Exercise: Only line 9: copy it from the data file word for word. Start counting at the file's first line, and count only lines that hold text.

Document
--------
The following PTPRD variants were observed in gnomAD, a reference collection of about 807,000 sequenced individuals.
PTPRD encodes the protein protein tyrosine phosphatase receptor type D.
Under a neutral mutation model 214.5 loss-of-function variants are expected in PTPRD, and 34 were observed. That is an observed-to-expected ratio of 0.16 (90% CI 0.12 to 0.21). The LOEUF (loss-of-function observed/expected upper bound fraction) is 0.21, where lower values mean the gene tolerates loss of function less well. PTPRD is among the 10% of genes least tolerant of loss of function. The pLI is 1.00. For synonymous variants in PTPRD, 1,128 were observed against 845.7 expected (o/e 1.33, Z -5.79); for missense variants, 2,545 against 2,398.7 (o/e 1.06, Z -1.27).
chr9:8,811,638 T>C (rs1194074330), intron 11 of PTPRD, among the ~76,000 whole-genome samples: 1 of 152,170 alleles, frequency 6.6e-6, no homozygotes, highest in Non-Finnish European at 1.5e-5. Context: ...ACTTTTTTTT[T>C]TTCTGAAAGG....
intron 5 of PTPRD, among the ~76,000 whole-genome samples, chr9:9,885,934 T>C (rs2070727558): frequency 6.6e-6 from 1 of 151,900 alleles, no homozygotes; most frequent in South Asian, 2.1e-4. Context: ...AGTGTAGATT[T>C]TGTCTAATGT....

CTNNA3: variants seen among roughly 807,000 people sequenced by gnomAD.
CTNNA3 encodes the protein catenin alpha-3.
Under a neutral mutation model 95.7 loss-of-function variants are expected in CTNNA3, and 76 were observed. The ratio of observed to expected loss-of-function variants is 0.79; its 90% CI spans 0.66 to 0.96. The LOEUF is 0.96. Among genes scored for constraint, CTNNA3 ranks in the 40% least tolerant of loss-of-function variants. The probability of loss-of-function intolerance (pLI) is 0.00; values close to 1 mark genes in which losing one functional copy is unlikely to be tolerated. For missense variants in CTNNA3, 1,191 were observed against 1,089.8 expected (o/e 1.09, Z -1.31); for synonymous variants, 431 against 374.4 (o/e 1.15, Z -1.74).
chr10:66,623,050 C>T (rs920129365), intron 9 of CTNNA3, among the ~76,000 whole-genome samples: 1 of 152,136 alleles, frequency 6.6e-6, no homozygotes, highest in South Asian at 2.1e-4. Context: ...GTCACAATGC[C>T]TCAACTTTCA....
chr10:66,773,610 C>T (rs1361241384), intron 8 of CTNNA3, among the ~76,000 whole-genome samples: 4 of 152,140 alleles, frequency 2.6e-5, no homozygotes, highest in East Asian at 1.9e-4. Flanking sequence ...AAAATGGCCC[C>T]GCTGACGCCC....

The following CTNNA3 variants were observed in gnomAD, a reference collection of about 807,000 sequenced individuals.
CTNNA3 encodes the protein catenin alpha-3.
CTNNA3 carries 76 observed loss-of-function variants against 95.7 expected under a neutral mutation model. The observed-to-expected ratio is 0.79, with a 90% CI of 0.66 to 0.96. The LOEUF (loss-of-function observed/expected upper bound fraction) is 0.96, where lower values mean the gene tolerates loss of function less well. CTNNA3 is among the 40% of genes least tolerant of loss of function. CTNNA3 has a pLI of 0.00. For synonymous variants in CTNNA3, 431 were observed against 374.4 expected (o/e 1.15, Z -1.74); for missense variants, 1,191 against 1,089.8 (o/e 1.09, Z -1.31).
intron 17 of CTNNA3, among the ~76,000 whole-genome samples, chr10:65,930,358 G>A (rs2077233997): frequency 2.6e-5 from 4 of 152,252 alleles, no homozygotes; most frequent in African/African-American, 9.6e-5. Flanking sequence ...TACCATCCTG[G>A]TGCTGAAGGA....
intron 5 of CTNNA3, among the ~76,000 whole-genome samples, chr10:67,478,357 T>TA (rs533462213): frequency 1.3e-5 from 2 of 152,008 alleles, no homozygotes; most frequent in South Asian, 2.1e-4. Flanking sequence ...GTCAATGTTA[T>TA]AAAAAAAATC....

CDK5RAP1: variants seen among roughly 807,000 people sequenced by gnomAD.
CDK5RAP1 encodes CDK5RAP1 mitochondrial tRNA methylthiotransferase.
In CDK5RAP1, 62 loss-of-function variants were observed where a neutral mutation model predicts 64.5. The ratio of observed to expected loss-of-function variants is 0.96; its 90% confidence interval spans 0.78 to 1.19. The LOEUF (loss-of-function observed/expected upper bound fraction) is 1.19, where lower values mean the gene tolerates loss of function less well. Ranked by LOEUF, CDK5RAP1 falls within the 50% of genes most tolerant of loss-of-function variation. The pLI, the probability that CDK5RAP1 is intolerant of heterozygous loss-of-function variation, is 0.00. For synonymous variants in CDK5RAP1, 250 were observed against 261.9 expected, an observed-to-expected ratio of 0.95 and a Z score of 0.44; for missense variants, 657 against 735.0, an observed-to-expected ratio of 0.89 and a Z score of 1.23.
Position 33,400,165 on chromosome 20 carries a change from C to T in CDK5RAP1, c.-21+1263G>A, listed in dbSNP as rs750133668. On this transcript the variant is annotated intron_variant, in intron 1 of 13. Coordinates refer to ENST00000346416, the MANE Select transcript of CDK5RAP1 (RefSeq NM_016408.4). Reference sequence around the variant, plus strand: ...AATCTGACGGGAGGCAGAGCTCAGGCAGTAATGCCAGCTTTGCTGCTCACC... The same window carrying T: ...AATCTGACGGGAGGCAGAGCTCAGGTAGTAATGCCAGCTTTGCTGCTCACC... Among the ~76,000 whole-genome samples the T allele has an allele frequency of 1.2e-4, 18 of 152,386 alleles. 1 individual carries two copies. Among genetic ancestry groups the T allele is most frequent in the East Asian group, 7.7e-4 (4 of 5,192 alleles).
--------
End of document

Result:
chr10:66,623,050 C>T (rs920129365), intron 9 of CTNNA3, among the ~76,000 whole-genome samples: 1 of 152,136 alleles, frequency 6.6e-6, no homozygotes, highest in South Asian at 2.1e-4. Context: ...GTCACAATGC[C>T]TCAACTTTCA....